Jun 9 • 8M

Where is Zimbabwe?

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MONTANA — Greetings from the Big Sky Country.

Click on the audio player above to listen to the podcast or read the transcript below. Hope you enjoy.

I’ve got a question for you.

Where is Zimbabwe?

I’m serious.

If I were to hand you a blank outline map of the world, would you be able to point to the country of Zimbabwe?

Pointing in the general direction of a continent is not the correct answer.

If you’re like me, you might know that Zimbabwe is in Africa, but if you’re like me you couldn’t point to exactly where in Africa it is located.

Here’s a description of the location from Britannica:

Zimbabwe “… shares a 125-mile (200-kilometre) border on the south with the Republic of South Africa and is bounded on the southwest and west by Botswana, on the north by Zambia, and on the northeast and east by Mozambique.”

Does that help or do you have difficulty knowing where those other countries are located?

For me, I knew where South Africa was and had a good idea where Mozambique was, but I had no idea where Botswana or Zambia were located.

Here’s an outline map of Africa with Zimbabwe highlighted.

I hope your geographical knowledge is better than mine but this episode of the Big Sky Writer is not about geography.

It’s about the economy.

Why don’t you know more about Zimbabwe?

Most of us are probably aware that our country is going through some difficult economic times and the immediate future doesn’t look promising.

Okay, what is coming to our economy looks terrible.

And, trust me on this, it’s not Putin’s fault.

We have destroyed ourselves.

You would think that with inflation already here and threatening to get worse, America’s news organizations would cover how other countries have handled similar challenges … in the present and in the past.

Perhaps we could learn what works and what doesn’t.

But how often do you hear about what happened in Germany in the 1930’s or what is happening in Zimbabwe or Venezuela in the present?

I’m guessing not very often.

The Zimbabwean Dollar

So it’s time for a very short history lesson on the Zimbabwean dollar.

The first Zimbabwean dollar (ZWD) was introduced in 1980 and was worth a little more than the US dollar … $1.47 to be exact.

But Zimbabwe had a number of social, political, and economic problems — does that sound like any country you know today? — and Zimbabwean dollar (ZWD) began to lose purchasing power.

The government of Zimbabwe dealt with the problem by printing more Zimbabwean dollars.

Does that sound like any country you know today?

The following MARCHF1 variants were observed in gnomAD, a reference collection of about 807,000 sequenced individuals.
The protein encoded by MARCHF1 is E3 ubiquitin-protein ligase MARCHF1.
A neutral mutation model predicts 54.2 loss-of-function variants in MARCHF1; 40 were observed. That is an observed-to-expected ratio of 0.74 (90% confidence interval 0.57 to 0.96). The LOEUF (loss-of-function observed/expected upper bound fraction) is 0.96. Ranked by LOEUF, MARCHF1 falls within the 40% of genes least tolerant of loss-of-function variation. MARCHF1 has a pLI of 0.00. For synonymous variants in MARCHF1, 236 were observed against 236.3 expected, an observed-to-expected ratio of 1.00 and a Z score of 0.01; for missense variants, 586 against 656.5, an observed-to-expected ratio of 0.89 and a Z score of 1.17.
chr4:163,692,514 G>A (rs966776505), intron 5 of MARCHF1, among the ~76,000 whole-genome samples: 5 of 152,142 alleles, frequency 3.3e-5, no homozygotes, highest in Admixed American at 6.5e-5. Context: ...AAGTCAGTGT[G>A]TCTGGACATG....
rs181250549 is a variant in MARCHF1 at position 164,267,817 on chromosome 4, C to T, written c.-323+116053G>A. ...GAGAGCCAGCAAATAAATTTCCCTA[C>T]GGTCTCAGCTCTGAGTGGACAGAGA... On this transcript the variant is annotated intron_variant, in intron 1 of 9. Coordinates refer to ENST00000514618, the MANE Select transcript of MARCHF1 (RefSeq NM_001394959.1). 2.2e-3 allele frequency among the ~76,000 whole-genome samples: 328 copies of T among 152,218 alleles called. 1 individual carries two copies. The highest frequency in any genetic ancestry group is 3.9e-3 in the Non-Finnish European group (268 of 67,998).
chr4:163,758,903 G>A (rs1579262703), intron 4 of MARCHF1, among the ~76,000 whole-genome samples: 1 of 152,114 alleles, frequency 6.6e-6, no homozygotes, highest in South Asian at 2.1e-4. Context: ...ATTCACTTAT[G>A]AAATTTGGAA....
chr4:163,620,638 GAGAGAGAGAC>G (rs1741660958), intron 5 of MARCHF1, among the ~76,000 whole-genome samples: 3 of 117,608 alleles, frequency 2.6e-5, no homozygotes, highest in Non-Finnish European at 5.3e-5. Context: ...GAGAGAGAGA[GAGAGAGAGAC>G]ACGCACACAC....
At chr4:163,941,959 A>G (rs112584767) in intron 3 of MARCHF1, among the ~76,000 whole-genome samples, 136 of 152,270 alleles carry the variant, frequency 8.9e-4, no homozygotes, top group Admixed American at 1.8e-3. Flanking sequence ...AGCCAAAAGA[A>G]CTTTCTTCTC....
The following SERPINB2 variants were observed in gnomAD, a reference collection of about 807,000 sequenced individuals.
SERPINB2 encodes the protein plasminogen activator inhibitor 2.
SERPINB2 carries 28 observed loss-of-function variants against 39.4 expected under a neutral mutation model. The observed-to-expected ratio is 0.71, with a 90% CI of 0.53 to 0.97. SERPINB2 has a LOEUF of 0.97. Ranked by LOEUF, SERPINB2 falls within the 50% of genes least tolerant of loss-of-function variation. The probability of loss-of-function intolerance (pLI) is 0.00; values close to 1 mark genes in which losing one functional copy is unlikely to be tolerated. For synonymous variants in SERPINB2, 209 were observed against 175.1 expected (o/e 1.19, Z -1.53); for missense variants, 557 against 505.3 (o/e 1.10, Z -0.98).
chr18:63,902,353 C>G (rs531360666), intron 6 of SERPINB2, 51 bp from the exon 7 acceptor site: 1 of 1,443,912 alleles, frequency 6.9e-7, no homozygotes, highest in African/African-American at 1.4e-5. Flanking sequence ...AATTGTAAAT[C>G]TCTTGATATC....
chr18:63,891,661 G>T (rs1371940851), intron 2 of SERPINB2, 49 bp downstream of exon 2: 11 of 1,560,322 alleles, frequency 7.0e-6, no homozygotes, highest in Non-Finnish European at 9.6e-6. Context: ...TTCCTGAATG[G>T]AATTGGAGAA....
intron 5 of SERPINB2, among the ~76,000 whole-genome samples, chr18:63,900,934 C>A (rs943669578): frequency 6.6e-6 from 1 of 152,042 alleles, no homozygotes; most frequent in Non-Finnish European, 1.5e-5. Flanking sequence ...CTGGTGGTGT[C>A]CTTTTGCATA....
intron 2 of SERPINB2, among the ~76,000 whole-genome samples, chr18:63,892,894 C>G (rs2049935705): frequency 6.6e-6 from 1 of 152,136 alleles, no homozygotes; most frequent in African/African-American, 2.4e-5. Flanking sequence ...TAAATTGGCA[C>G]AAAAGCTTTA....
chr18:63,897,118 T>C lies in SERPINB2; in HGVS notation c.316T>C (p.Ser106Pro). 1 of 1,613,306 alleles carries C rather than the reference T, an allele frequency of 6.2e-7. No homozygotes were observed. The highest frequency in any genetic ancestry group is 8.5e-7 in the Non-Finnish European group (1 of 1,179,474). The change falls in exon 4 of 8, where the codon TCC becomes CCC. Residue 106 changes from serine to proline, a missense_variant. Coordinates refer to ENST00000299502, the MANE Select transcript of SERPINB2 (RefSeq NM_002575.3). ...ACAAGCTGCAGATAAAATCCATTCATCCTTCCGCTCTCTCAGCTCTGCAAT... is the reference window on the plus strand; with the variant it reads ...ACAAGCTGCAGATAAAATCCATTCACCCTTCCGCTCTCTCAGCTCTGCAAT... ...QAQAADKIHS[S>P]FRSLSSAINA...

What happened after that?

In Zimbabwe in 1983, one US dollar would get you one ZWD.

But by 2006, one US dollar would get you 500,000 ZWDs.

That’s called inflation.

Time for a change

Things got so bad, they decided to scrap their ZWD and come up with a new currency, the ZWN.

In 2006, people could exchange 1,000 ZWDs and get 1 ZWN.

In August of 2006, one US dollar would get you 650 ZWNs. Not as good as the original ZWD but it was respectable.

However, only two years later one US dollar would get you 1,000,000,000 ZWNs.

In other words, it was worthless.

So the government went back to work, scrapped the ZWN and replaced it with a new currency — the ZWR.

If you had 10 billion ZWNs lying around the house, you could exchange them for one ZWR.

But the new currency didn’t last long either and the government came out with yet another new currency — the ZWL.

If you had one trillion ZWR’s hidden under the mattress, you could exchange them for one ZWL.

NOTE: The 100 Trillion Dollar (ZWN) note has no purchasing value but collectors like it and it will cost you a couple of hundred US dollars to purchase it on Amazon.

Time for more changes

Things were so bad the government even stopped printing money and told their people to use the currency of other countries. The US Dollar was the most popular with the South African Rand being another common choice.

What did all this mean?

It can be summed up with the “I” word — inflation.

In January of 2008, the inflation rate in Zimbabwe was 100,000%. Think about that for a minute. If you bought a hamburger for $5, the next time you bought it, it would cost $5,000.

Four months later, the inflation rate was 1,000,000%. That $5 hamburger would now cost $50,000.

Only two months later, the inflation rate had risen to 250,000,000%. The $5 hamburger would now cost you $12,500,000.

The Government Solution

And things continued to get worse, so the government outlawed inflation. They set price controls.

Does that sound like any country you know today?

Takeaway

I could go on quite awhile describing the history of and current situation in Zimbabwe but if you want to know more check out “Hyperinflation in Zimbabwe.”

The next time you hear the government or the Fed or a politician wants to spend a trillion dollars to “fix” something, consider what it’s really going to cost you.

There are plenty of examples in the past and the present to see the results of such actions.

Here are some stories you might find interesting.

“Not a Dry Eye at the Wedding as Paralyzed ALS Mother Defies All Odds to Dance With Her Son” from Epoch Times.

“Biden education head defends biological boys in girls sports, not telling parents about trans kids” by Madeleine Hubbard.

“Top Medical Group Scrubs Discredited Information Used To Push Late-Term Abortion” by Patrick Hauf.

Before I go I’d like to share a blessing with you from the Old Testament.

“May the Lord bless and protect you; may the Lord’s face radiate with joy because of you; may he be gracious to you, show you his favor, and give you his peace.”

Numbers 6:24-26 (The Living Bible)

Until next time … be the reason someone smiles today!

Clint

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